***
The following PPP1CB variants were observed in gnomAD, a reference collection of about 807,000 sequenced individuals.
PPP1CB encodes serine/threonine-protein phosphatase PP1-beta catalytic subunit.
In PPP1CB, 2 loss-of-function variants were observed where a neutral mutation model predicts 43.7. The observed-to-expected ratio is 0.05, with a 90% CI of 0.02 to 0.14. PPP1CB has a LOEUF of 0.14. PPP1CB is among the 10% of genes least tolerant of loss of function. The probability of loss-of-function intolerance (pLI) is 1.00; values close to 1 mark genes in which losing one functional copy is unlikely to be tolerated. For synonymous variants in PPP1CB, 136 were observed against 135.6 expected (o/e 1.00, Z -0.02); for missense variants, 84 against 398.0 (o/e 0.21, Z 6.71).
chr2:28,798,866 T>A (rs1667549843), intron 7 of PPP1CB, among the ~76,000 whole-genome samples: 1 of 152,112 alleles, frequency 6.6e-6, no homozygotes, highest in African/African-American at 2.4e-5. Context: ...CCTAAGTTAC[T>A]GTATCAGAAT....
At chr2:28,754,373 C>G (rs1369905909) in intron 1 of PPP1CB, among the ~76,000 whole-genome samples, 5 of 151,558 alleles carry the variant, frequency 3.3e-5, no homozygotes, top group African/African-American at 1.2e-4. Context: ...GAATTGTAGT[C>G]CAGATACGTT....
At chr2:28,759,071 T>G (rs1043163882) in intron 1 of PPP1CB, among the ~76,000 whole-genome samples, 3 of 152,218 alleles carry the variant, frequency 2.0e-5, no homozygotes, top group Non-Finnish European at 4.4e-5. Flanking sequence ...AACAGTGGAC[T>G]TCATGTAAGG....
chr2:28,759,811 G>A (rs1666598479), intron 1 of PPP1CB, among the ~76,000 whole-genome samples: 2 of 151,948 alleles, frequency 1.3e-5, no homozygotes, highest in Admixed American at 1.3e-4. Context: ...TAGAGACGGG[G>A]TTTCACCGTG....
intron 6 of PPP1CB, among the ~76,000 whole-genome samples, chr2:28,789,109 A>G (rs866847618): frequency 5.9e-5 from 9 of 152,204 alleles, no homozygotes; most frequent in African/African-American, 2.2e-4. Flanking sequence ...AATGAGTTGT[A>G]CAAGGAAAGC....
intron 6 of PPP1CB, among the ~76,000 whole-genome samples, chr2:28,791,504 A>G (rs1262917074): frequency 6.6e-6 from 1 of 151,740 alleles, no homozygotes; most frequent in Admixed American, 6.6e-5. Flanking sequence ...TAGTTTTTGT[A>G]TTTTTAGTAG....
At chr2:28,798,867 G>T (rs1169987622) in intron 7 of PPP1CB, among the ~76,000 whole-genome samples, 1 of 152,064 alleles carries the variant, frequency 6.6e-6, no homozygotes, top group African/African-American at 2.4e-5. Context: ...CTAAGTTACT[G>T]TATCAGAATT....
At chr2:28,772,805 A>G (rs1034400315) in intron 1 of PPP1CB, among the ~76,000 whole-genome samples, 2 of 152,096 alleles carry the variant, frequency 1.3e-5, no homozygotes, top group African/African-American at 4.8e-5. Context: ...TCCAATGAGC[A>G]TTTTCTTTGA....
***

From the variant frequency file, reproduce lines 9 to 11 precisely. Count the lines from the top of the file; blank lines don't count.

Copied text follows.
intron 6 of PPP1CB, among the ~76,000 whole-genome samples, chr2:28,791,504 A>G (rs1262917074): frequency 6.6e-6 from 1 of 151,740 alleles, no homozygotes; most frequent in Admixed American, 6.6e-5. Flanking sequence ...TAGTTTTTGT[A>G]TTTTTAGTAG....
At chr2:28,798,867 G>T (rs1169987622) in intron 7 of PPP1CB, among the ~76,000 whole-genome samples, 1 of 152,064 alleles carries the variant, frequency 6.6e-6, no homozygotes, top group African/African-American at 2.4e-5. Context: ...CTAAGTTACT[G>T]TATCAGAATT....
At chr2:28,772,805 A>G (rs1034400315) in intron 1 of PPP1CB, among the ~76,000 whole-genome samples, 2 of 152,096 alleles carry the variant, frequency 1.3e-5, no homozygotes, top group African/African-American at 4.8e-5. Context: ...TCCAATGAGC[A>G]TTTTCTTTGA....